In its unpublished opinion filed on April 13, 2017, the State of Michigan Court of Appeals (“Michigan Appellate Court”) affirmed the trial court’s order granting summary disposition in favor of the defendants in a Michigan medical malpractice wrongful death case because the plaintiff’s medical expert’s opinion regarding proximate cause was inadmissible under Michigan’s rules of evidence.
The Underlying Facts
The decedent went for a medical checkup on September 2, 2010. The decedent had a history of cigarette smoking and recent complaints of back and joint pain. The examining physician diagnosed the decedent with chronic obstructive pulmonary disease (COPD) and osteoarthritis, and ordered x-rays of the decedent’s chest, which were reviewed by the defendant radiologist who interpreted the decedent’s chest x-ray to show “mild chronic obstructive pulmonary disease without evidence of pneumonia or pulmonary vascular congestion.”
Subsequently, on December 12, 2011, the decedent went to a local hospital with complaints of nausea and abdominal pain. A CT scan of the decedent’s chest indicated a large mass in his lower right lung lobe, which was consistent with cancer, in addition to the involvement of the lymph nodes and adrenal glands. Following his hospitalization, the decedent was diagnosed with metastatic non-small cell lung cancer. It was determined that the decedent was not a viable candidate for surgical resection due to the advanced stage of the disease. Despite chemotherapy treatment, the decedent’s prognosis was deemed to be poor. The decedent died of lung cancer on June 22, 2012.
The decedent’s estate filed a Michigan medical malpractice lawsuit in which it alleged that the defendant radiologist failed to identify an abnormal density that was present in the right lung that was suspicious for lung cancer. The trial court determined after a two-day hearing that the proximate cause opinion of the plaintiff’s sole medical expert was inadmissible because the expert’s method of extrapolating pathologic staged cancer survival rates to the decedent, in the admitted absence of pathologic information necessary for this form of cancer staging (i.e., pathologic staging could not be performed where the decedent’s tumor was not surgically removed), did not meet the requirements of MRE 702 and MCL 600.2955.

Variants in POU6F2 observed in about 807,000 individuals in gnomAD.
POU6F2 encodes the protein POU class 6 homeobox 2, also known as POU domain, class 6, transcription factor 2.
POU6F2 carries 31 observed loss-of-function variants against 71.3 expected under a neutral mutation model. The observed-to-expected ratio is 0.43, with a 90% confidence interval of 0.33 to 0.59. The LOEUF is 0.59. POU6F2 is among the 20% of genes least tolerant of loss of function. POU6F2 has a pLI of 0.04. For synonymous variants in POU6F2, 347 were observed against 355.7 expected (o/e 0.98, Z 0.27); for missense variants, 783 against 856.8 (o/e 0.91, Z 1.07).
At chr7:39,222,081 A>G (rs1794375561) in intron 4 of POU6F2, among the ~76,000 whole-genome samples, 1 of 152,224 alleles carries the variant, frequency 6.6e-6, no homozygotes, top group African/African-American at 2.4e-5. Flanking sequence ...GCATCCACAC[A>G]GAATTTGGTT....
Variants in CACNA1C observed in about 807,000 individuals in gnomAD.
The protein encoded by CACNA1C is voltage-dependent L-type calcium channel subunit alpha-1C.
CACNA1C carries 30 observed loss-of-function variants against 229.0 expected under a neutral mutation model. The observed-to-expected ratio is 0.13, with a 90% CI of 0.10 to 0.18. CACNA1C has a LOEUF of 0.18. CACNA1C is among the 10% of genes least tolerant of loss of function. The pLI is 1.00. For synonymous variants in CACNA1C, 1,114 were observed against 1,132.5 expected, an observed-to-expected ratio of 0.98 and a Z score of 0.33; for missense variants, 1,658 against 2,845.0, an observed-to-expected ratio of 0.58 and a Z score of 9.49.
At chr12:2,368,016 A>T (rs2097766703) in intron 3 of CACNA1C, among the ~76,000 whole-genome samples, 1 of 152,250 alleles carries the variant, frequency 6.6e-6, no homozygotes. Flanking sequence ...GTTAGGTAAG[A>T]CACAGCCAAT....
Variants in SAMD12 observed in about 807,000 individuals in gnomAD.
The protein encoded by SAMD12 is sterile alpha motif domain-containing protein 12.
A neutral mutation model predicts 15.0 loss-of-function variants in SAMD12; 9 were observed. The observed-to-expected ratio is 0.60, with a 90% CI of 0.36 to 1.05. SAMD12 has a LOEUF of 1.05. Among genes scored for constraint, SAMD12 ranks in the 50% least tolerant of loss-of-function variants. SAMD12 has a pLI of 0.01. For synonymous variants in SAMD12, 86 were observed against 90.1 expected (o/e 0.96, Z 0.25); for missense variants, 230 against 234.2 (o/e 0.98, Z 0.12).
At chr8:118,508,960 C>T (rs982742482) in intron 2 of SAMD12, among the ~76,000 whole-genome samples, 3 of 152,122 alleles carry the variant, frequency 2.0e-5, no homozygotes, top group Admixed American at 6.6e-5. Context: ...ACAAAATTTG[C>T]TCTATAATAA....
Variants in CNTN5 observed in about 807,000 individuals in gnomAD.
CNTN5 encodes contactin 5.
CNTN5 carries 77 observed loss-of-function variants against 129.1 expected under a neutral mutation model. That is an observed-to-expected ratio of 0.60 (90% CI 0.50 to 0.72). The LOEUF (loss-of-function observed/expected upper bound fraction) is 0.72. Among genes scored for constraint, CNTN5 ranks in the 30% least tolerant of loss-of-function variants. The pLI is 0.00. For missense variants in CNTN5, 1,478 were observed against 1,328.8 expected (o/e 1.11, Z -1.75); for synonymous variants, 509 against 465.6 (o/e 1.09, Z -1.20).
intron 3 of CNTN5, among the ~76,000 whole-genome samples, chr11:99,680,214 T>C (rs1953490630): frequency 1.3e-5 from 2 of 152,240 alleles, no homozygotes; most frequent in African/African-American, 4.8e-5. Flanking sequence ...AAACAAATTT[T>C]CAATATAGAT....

Despite the absence of the requisite data to perform pathologic staging, the plaintiff’s expert opined that the decedent’s cancer was at pathologic stage I or II in September of 2010, basing his opinion on the aggressive growth of the tumor leading to the decedent’s death in June 2012. The expert then applied the survival rates associated with pathologic staging to opine that the decedent would have benefited from a greater than 50% survival rate had he been properly diagnosed and treated in September 2010.
The Michigan Appellate Court held that the trial court correctly concluded that the plaintiff was unable to demonstrate that its expert’s opinion was premised on reliable scientific principles or methods, and that he reliably applied those principles to the facts of this case, as required by MRE 702: the plaintiff did not proffer supporting evidence or documentation demonstrating that the method employed by its expert was accepted in the scientific or medical community for cancer staging (i.e., there was lack of support for the expert’s methodology of applying pathologic survival rates where the decedent’s tumor was not surgically removed).
Therefore, the Michigan Appellate Court held that the trial court correctly concluded that the plaintiff’s expert’s testimony was not admissible, where it was not the product of reliable principles and methods, and where the expert did not reliably apply his cited principles and methods to the facts of this case.
Source Estate of Donny Peyton v. Novi Internal Medicine and Pediatrics, PLLC, No. 329890.
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